WHOLESALE PRICES of building materials in the Metro Manila rose at the slowest annual pace in six months in February, preliminary data from the Philippine Statistics Authority (PSA) reported on Wednesday.
PSA data showed the construction materials wholesale price index (CMWPI) in the National Capital Region (NCR) eased to 9.1% in February, from 9.4% in January.
This was the slowest rise in bulk construction material prices in six months or since the 7% in August last year.
However, February growth in CMWPI was faster than the 5.2% in the same month in 2022.
Year to date, bulk construction prices grew by 9.2%, higher than the 6.5% in the same period in 2022.
Ruben Carlo O. Asuncion, chief economist at Union Bank of the Philippines, Inc., said the latest CMWPI data coincide with the recent weakness in construction jobs.
“On a quarter-on-quarter basis (October 2022 vs. January 2023 round), a total of 557,000 construction jobs were shed,” he said in an e-mail.
Construction was among the top five subsectors with the biggest decline in the number of employed persons from October 2022 to January 2023, along with fishing and aquaculture (down 54,000 jobs), agriculture and forestry (38,000), mining and quarrying (20,000) and financial and insurance activities (7,000).
“This may be the direct impact of the sluggish recovery of investor sentiment due to the prevailing macroeconomic risks, such as higher inflation, higher interest rates, and the threat of softer demand due to offshore recession risks,” Mr. Asuncion said.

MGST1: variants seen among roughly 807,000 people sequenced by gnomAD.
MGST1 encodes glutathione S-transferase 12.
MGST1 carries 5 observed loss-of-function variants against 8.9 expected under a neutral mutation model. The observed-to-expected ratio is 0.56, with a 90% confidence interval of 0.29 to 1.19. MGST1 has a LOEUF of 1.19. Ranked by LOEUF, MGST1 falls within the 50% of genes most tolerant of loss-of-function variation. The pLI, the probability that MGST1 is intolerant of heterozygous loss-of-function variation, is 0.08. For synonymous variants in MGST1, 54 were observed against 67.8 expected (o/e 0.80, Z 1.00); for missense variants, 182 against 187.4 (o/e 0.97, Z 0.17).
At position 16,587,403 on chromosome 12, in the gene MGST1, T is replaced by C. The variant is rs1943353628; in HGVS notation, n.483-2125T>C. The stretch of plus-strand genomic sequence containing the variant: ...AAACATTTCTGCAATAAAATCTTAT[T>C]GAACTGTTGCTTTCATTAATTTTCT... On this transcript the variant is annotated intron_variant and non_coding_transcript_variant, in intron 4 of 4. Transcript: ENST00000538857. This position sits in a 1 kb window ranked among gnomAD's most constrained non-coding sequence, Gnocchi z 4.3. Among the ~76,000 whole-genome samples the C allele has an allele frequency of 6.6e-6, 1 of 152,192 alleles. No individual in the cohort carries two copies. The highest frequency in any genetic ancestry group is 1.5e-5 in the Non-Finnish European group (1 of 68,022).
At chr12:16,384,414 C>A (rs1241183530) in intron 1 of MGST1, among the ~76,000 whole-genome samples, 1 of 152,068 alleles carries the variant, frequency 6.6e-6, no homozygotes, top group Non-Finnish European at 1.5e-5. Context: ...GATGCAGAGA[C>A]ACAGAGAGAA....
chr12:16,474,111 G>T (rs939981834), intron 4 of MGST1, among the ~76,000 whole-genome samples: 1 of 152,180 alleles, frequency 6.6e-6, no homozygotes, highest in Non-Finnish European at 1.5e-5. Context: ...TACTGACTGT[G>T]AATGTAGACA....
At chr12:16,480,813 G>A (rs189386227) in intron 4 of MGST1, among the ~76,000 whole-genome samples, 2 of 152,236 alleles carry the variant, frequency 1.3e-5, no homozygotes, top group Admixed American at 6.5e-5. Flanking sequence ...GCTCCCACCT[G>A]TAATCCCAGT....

Inflation accelerated to a 14-year high of 8.7% in January, from 8.1% in December.
The PSA attributed the lower annual growth in CMWPI to the “downtrend in the heavily weighted reinforcing and structural steel at 10% in February 2023 from 11.4% in January 2023.”
PSA data also showed slower growth in the prices of fuels and lubricants (1.4% in February from 6.4% in January), glass and glass products (0.2% from 1.6%), tileworks (4.2% from 5.1%), plywood (5.2% from 5.8%) and painting works (11.6% from 11.7%).
On the other hand, six commodity groups posted higher annual price growth, led by concrete products and cement (10.9% in February from 10.2% in January), electrical works (8% from 7.9%), sand and gravel as well as doors, jambs, and steel casement (5.8% from 5.7%), plumbing fixtures and accessories/ waterworks (3.9% from 2.1%) and PVC pipes (2% from 1.8%).
Growth in bulk prices for other commodity groups, such as galvanized iron sheet (14.5%), lumber (7.4%), and hardware (7.1%), were unchanged.
“We’re starting to see the slowdown and the consequent impact on joblessness in the industry. Thus, it is safe to expect lackluster growth in the next month, and for the year, softer overall growth,” Mr. Asuncion said.
The unemployment rate rose to a four-month high of 4.8% in January, from 4.3% in December. This is equivalent to 2.37 million jobless Filipinos in January, higher than 2.22 million in December.
Job losses in January were seen in agriculture and forestry (down 1.113 million); wholesale and retail trade, repair of motor vehicles and motor vehicles and motorcycles (down 375,000); and construction (down 288,000). — A.M.P.Yraola